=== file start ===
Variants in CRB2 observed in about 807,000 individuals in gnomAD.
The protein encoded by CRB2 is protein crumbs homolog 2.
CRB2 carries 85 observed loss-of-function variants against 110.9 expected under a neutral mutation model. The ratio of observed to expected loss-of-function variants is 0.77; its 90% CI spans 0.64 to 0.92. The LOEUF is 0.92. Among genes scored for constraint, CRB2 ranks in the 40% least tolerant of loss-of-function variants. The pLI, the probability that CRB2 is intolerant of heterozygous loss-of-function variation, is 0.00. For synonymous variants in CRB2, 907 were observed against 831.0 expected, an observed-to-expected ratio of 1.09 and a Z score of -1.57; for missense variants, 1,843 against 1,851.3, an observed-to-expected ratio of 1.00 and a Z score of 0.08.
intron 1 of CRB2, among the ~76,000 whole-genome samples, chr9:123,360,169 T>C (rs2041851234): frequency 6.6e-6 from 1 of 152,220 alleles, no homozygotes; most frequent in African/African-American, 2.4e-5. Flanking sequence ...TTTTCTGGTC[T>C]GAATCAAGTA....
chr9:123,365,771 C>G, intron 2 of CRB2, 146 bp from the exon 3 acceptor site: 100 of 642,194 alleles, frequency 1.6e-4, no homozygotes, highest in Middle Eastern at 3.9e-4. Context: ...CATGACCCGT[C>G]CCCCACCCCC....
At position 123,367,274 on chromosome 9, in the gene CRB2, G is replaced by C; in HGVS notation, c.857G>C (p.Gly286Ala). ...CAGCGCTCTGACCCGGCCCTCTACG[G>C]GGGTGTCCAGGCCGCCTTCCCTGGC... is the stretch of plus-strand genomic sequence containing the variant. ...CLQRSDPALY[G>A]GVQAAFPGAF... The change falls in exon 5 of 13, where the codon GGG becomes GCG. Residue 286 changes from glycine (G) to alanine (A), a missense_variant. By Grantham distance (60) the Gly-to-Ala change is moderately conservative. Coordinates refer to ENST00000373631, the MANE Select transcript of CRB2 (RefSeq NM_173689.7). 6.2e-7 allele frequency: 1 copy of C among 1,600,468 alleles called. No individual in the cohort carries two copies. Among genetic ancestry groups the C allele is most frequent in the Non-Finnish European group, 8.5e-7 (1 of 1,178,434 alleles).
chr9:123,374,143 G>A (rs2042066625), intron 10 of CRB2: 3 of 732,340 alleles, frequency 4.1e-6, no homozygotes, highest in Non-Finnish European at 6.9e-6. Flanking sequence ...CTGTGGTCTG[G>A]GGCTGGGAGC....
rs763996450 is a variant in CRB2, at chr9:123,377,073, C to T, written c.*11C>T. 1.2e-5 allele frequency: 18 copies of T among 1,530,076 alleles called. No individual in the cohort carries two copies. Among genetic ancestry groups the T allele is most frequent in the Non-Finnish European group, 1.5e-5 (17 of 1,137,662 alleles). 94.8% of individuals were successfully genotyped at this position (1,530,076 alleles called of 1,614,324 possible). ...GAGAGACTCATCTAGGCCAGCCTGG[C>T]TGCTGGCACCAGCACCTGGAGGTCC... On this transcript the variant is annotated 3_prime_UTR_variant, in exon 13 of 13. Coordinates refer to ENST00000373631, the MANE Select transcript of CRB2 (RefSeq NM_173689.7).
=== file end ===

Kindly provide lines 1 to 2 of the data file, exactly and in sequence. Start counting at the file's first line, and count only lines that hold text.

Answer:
Variants in CRB2 observed in about 807,000 individuals in gnomAD.
The protein encoded by CRB2 is protein crumbs homolog 2.